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Spray painting provides a much more controlled and uniform finish on your paint job than any hand-applied roller/ brush job. However, investing in the best spray gun and air compressor for car painting doesn’t guarantee you’ll get optimal results immediately.
At least not until you learn how to set up the perfect pressure for your spray gun.
Generally speaking, running a spray gun off a compressor gives you an infinite range of pressure to use. Unfortunately, if you apply too little pressure, you’ll not get the best atomization, causing the orange peel effect on your car paint.
On the other hand, if you apply too much pressure, you’ll end up wasting material due to excessive bounce-back/ overspray.
Don’t worry though! In this article, I’ll walk you through everything you need to know about setting up the right spray gun pressure for your project. This will help you produce less overspray and allow a quick clean-up, saving you both time and money.
Why Spray Gun Pressure is Important
First of all, the air pressure of a spray gun affects how the coating is atomized and propelled out of the device onto the target surface. In short, this is what makes the spray gun deliver a flawless finish at a fast speed compared to traditional brushes and rollers.
Most types of spray guns, whether pneumatic, airless or turbine, are equipped with an air pressure regulator. This allows you to increase or reduce the pressure of the spray gun depending on the type of coating you’re spraying and the size of your painting project.
In that regard, thicker coatings and large surfaces require a higher spray gun pressure. While spraying thinner material like applying a stain to a small object will need less pressure.
What’s the best pressure for spray painting?
Different types of spray guns use slightly different technology to create pressure for atomizing the material you’re spraying and propelling it out of the device. Therefore, the ideal pressure for spray painting tends to vary from one type of spray gun to another.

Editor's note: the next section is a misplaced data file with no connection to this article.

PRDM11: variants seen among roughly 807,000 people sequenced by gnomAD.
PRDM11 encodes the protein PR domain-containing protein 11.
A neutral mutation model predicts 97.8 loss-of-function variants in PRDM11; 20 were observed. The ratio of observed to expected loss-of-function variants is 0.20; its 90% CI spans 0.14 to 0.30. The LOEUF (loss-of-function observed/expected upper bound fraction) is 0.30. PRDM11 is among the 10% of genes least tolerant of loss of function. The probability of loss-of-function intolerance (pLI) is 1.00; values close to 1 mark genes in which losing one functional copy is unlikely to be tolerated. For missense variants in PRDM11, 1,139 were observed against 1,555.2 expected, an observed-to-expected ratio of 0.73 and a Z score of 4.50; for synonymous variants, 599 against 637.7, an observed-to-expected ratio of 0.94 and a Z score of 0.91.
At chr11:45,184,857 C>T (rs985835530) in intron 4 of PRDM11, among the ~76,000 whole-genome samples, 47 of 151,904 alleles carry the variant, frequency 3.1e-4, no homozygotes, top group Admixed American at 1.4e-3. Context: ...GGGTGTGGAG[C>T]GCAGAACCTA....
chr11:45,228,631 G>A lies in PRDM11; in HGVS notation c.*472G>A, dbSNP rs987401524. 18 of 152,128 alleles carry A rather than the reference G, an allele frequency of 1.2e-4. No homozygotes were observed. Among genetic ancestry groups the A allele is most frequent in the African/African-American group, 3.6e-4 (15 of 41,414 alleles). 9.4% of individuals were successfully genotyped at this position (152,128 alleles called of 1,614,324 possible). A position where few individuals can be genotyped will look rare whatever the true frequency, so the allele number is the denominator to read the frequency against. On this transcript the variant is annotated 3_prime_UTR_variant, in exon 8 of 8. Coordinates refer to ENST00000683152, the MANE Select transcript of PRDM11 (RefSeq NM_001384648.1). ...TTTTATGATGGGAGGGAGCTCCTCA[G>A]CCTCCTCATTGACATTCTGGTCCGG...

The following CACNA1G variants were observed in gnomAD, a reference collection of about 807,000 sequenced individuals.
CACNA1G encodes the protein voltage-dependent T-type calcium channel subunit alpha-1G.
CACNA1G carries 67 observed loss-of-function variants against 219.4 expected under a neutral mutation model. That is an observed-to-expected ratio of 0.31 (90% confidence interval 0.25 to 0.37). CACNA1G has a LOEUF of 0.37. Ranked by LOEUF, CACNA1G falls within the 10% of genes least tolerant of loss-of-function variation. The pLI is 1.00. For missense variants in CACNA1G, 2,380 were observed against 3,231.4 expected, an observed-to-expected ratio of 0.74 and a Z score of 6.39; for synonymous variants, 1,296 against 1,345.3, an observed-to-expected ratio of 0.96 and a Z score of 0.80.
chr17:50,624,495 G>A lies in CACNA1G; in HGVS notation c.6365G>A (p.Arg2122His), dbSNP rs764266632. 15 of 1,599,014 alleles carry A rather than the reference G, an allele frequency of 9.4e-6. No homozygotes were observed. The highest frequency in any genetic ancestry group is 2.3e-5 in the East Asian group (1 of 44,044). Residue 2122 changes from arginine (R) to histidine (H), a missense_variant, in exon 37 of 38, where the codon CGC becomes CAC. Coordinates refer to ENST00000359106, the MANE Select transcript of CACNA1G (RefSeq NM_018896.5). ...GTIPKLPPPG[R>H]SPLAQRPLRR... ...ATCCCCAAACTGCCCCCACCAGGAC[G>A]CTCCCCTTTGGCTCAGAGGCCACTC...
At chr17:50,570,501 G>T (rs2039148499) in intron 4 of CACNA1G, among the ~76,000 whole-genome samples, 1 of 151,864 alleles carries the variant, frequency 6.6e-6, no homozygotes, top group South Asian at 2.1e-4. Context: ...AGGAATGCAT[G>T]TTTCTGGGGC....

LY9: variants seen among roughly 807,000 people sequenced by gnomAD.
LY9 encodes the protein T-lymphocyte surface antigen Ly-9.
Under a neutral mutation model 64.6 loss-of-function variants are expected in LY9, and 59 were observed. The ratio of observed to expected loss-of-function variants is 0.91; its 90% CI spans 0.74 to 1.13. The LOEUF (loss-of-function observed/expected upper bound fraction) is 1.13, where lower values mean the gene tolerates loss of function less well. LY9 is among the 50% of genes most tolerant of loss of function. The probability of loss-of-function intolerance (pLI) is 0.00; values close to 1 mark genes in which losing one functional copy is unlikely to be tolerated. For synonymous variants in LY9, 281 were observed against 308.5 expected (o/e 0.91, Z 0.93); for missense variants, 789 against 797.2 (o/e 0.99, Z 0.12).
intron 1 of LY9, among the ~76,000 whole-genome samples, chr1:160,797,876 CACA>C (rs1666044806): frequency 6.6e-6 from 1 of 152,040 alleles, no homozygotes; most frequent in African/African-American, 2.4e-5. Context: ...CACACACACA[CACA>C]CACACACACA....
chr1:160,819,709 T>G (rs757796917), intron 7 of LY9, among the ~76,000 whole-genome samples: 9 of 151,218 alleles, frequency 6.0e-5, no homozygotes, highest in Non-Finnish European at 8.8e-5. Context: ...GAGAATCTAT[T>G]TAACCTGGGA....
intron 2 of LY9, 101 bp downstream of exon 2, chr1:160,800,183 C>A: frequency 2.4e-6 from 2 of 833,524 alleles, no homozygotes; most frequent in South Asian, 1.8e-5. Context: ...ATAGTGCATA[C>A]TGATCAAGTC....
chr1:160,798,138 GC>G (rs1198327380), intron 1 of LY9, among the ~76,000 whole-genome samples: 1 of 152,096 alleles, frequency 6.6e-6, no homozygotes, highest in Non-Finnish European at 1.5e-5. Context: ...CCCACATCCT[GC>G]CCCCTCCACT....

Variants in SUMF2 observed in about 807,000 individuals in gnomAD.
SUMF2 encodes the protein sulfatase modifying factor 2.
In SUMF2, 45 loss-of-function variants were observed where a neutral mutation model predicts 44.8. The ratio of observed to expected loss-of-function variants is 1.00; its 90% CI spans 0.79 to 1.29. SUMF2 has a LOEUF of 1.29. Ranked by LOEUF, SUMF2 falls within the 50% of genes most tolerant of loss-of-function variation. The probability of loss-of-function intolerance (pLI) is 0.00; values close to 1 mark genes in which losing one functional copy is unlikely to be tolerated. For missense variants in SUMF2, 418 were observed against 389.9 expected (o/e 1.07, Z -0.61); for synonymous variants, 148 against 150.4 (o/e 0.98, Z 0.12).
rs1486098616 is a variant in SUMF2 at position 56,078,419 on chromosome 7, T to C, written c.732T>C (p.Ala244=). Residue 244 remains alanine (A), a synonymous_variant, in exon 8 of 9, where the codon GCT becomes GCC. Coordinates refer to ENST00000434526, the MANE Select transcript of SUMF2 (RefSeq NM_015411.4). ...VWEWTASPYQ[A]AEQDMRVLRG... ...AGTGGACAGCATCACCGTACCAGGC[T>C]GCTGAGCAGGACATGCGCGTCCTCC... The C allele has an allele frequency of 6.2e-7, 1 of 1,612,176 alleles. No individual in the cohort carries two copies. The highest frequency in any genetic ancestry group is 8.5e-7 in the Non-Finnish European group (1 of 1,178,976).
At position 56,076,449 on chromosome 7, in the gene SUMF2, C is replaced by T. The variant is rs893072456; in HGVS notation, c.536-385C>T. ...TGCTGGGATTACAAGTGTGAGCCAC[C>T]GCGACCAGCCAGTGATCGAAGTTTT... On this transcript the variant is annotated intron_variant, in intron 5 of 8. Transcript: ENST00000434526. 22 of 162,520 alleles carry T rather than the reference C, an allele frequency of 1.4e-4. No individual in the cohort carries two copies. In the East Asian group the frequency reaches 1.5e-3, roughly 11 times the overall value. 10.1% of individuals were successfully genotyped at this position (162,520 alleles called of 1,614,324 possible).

In this section, we’ll look at the best pressure for each type of spray gun one by one!
Pneumatic Spray Guns
Sometimes referred to as conventional paint sprayers, pneumatic sprayers are powered by an external air compressor and can be classified into 2 categories, LVLP and HVLP. HVLP is an acronym for High Volume Low Pressure, while LVLP stands for Low Volume Low Pressure spray guns.
To be precise, here’s how pneumatic spray guns work:
An air compressor takes ambient air, pressurizes it and then forces the pressurized air into a tank to allow the pressure to build up. This air is then fed to an HVLP or LVLP spray gun through a regulator, adjusting the final pressure output at the fluid tip/ nozzle.
However, despite being driven by the same method, both systems have very different applications, and therefore, require different pressure inputs to deliver the desired finish.
LVLP (Low Volume Low Pressure) Spray Gun
Most professionals recommend setting an LVLP spray gun at a pressure of about 10 – 15 PSI when you pull the trigger to apply a base coat and 20 – 25 PSI for the clear coat. In addition, most LVLP sprayers have a CFM consumption of about 5 to 7 Cubic Feet per Minute (CFM) at 40 Psi.
HVLP (High Volume Low Pressure) Spray guns
As the name implies, HVLP sprays use a high volume of air at low air pressure. This pressure is usually 25% or less than that of traditional methods to atomize the paint coatings. As a result, the sprayed material has less velocity.
Thus reducing its chances to ‘bounce back’ and increasing the paint’s transfer efficiency. In addition, this method reduces material waste as it delivers a much softer spray.
However, HVLP spray guns demand a higher air volume than conventional spray guns, so you’ll need a bigger air compressor.
HVLP spray guns require a pressure of about 25 – 30 PSI when spraying two-stage (base coat clear coat) paint finish systems. To measure this pressure, pull the trigger and let air flow through the sprayer nozzle tip until the digital readout or dial reads 25 – 30 PSI.
However, sometimes you can increase the pressure of the spray gun to 40 PSI when higher atomization is needed.
Turbine Spray Guns
A turbine spray gun is a form of High-Volume Low Pressure (HVLP) device. They’re quite popular for most home-improvement coatings since they operate at relatively low pressure, reducing the amount of bounce-back.
However, unlike pneumatic sprayers, these spray guns are equipped with a stand-alone or integrated fan and motor system. Thus eliminating the need for an external air compressor.